This type of statement I have seen repeated well before I purchased and now almost 4 years after purchase. I am just gonna assume that Lippert has faulty leveling system? I NEVER manually labor and it it dead level every time. Ironically when coach was new I use to try to manual level because I assumed that was only way to go. It worked but it was just a hassle to do.

When mine does start the pump, it is kind of cool because you know it is about to finish.

I will have to add this to my list of; if it does not work; do not buy. i.e.
- Auto Level does not work or not reliable
- ACs not cooling
- Fridge not cold
- Generator will not start without being primed every time
- No AGS
- etc.
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Old 08-01-2022, 03:31 AM   #15
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Lifting a suspension is "bad for it"? How so? Exactly what components are damaged? Auto manufacturers have sold scissor jacks for years with specific instructions in the manual about safe use for lifting wheels entirely off the ground. Vehicles are left sitting on jack stands for years without fear of suspension damage. This is essentially an old wives tale with no basis.
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Old 08-01-2022, 11:01 AM   #16
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Auto level sends all 4 jacks down to ground contact (Levelup system on mine). It then tries to raise the front to level. With the rear jacks down, the rear end canít squat. So it raises the front off the ground. Hereís how I do manual.

Run the front down till level. L or R if needed. Then run rear down just until they make contact. Bingo. All that wobbling and jumping up and down puts stress on the frame, walls, and roof. It canít be good for the coach.
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Old 08-01-2022, 12:15 PM   #17
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Auto level sends all 4 jacks down to ground contact (Levelup system on mine). It then tries to raise the front to level. With the rear jacks down, the rear end canít squat. So it raises the front off the ground. Hereís how I do manual.

Run the front down till level. L or R if needed. Then run rear down just until they make contact. Bingo. All that wobbling and jumping up and down puts stress on the frame, walls, and roof. It canít be good for the coach.
I guess this is what I am trying to understand. It it fundamentally hard for me grasp why Auto level does not work. Just like I grasp doing it manually and both should work if done correctly, unless something is wrong?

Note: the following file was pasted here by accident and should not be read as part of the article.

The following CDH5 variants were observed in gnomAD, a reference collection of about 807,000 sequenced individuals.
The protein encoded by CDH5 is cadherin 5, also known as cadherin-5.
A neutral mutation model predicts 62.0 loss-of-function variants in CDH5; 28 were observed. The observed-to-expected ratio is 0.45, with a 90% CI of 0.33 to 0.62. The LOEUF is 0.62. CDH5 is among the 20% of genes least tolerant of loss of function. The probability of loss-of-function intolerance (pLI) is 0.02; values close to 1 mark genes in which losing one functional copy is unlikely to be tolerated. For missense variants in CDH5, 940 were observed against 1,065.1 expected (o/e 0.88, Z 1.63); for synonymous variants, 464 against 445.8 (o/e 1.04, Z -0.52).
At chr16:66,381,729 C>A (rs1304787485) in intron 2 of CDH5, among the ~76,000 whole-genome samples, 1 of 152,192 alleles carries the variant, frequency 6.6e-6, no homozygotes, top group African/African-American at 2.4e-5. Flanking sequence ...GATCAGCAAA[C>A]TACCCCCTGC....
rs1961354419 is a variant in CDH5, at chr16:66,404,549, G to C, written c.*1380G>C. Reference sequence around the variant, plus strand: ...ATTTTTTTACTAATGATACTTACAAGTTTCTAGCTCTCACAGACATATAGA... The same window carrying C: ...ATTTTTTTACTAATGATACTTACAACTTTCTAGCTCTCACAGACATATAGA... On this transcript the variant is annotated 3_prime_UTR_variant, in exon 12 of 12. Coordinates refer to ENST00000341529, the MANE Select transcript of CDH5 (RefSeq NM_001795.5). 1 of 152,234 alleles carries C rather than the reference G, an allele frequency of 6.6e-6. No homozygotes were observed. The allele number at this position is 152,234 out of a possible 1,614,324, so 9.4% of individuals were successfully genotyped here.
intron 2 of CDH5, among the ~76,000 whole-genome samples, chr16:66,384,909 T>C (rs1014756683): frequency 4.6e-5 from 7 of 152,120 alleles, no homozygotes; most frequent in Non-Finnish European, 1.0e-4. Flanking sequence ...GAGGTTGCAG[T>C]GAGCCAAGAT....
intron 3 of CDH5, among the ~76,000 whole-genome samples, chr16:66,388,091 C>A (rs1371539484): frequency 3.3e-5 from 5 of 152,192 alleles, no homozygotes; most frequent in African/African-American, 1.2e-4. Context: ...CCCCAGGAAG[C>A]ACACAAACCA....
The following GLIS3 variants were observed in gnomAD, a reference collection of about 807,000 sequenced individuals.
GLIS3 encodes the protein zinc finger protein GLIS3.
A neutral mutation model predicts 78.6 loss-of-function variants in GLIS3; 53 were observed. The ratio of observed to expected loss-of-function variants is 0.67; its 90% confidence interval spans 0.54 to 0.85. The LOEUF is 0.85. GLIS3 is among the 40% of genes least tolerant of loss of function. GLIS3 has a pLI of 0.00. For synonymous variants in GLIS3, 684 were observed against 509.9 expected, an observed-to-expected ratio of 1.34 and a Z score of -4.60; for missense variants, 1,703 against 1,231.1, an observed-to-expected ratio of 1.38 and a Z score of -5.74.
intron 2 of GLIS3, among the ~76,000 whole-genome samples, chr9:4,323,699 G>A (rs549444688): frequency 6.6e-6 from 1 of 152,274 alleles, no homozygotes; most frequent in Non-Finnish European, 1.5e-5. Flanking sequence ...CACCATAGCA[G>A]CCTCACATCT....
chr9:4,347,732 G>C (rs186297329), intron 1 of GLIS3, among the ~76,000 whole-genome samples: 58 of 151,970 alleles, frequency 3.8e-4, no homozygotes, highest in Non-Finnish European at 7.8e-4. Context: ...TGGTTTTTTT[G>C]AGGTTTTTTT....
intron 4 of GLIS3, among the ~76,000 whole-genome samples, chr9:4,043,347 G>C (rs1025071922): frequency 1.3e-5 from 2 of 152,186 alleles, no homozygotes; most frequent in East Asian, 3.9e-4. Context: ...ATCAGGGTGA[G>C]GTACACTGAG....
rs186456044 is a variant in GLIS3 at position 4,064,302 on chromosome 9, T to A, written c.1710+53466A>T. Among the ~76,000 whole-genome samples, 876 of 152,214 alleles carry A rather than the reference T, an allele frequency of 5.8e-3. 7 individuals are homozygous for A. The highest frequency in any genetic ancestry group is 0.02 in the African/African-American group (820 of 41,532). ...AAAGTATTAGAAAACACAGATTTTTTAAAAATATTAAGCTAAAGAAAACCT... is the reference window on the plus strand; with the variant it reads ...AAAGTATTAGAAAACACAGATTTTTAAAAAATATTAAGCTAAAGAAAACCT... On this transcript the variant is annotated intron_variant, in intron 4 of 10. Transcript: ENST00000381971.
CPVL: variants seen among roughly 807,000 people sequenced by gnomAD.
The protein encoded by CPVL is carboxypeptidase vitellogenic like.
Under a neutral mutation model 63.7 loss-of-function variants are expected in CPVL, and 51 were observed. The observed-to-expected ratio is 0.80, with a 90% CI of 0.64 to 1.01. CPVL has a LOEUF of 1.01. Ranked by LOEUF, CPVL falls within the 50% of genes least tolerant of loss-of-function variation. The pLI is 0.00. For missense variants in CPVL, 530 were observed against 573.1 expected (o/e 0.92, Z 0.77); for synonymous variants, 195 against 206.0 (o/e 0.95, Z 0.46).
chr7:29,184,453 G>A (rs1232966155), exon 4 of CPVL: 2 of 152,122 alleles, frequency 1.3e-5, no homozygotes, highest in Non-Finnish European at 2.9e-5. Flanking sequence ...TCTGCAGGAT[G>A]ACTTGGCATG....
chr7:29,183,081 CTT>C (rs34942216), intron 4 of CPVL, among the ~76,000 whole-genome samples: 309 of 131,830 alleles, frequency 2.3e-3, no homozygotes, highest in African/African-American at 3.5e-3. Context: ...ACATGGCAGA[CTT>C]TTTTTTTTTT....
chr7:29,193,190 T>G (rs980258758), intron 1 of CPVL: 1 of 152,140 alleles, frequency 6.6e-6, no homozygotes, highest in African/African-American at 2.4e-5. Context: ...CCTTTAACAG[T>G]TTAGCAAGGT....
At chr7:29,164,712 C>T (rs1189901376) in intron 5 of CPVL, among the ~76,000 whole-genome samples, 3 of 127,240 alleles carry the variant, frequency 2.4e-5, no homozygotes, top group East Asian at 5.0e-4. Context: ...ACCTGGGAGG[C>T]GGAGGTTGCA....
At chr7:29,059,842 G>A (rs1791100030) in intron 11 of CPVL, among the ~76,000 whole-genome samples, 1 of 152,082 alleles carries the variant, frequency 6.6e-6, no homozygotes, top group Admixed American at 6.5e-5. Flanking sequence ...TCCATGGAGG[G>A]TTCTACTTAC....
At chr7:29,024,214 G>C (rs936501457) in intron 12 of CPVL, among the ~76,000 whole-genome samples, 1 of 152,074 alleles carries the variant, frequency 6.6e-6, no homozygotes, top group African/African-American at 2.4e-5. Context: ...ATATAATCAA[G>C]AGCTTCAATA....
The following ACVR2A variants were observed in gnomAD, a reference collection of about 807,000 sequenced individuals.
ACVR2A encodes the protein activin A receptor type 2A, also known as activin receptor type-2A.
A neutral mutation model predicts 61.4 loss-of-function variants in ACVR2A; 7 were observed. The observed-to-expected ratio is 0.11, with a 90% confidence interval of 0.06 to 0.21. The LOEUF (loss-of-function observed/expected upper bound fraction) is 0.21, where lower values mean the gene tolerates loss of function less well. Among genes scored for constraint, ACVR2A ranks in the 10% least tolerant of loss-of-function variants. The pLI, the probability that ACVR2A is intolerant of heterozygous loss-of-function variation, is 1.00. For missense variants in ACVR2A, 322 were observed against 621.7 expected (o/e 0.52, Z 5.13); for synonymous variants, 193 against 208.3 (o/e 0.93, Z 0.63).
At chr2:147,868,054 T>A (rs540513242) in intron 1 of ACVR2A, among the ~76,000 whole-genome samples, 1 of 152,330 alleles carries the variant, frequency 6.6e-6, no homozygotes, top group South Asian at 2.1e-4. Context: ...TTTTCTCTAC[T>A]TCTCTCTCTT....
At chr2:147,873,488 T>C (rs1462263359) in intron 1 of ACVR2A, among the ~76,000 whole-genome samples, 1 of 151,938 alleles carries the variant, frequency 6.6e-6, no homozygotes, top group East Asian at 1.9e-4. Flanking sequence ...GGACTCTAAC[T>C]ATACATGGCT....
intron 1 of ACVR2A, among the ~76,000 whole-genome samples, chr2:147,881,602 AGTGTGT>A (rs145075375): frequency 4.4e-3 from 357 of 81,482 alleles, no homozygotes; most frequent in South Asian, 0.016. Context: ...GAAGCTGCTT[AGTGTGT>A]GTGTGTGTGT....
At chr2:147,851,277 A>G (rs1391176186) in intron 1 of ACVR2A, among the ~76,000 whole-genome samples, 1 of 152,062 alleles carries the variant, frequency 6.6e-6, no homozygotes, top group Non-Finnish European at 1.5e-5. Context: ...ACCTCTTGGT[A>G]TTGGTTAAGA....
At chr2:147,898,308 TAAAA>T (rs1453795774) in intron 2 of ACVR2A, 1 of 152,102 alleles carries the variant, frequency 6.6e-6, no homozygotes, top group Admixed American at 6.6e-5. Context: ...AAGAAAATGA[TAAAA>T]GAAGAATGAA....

Maybe someone should define "does not work" From reading my manual, I grasp I am at greater risk of doing damage to my coach but doing so manually ( twisting etc. from inexperience).

Anyhow, it is not clear if some are saying they Auto Level does NOT auto Level (complete to be level?), or when it auto level they don't like the way the Mfg design the way it levels.

I know manual is there for a reason, and I have used it, use to use quite frequently because I thought it was the thing to do from posts from past years. But I just verify the surface, and press auto button and wait for the wait light to flash green (takes a minute) always level per my Digital Camco green / red level indicators. I have seen a wheel slightly off ground on rare occasion. I have many 2" x12" wooden blocks I made. I will put a block on the side of the tire in question; raise the jacks, back coach up, slide block(s) in, drive up on it and re-level. Other than the manual, I am not structural engineer to tell anyone it is needed, but it is very rare and what I do. If for no other reason, I get to use the wooden blocks I made.
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Old 08-01-2022, 12:25 PM   #18
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Auto level will certainly level and the stopping point will be higher

Some us prefer being closer to the surface so we use manual, which is also faster
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Old 08-01-2022, 12:55 PM   #19
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Auto level will certainly level and the stopping point will be higher

Some us prefer being closer to the surface so we use manual, which is also faster

Thank you, this is clearer to me now This is were the Duck would chime in saying that we sometimes confuse people because I was thinking as if the Auto Level was doing some damage or not working properly?

I have used manual for special situations like playing around to get more waste from holding tanks, a very obvious unlevel surface terrain that auto level will not like or try. Never felt coach was too high, but will keep that in mind if I see.
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Old 08-01-2022, 02:04 PM   #20
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Originally Posted by dkoldman View Post
Thank you, this is clearer to me now This is were the Duck would chime in saying that we sometimes confuse people because I was thinking as if the Auto Level was doing some damage or not working properly?

I have used manual for special situations like playing around to get more waste from holding tanks, a very obvious unlevel surface terrain that auto level will not like or try. Never felt coach was too high, but will keep that in mind if I see.
My Coach will level out manually with the bottom step just a few inches above the surface on a reasonably level site. The advantage is having to use a step stool, or not between the first coach step.

Using auto, which is calibrated, it will add a couple inches of height before it completes the algorithm.

Our preference is to have the head of the bead about 1.5 inches higher which is easily accomplished by watching the 1/2 bath door swing, having already leveled front to back

The preference could be added to auto level as the calibration set point but I prefer to have the auto level calibration being set at level, front and side

Hey, speaking of Duck, where is he?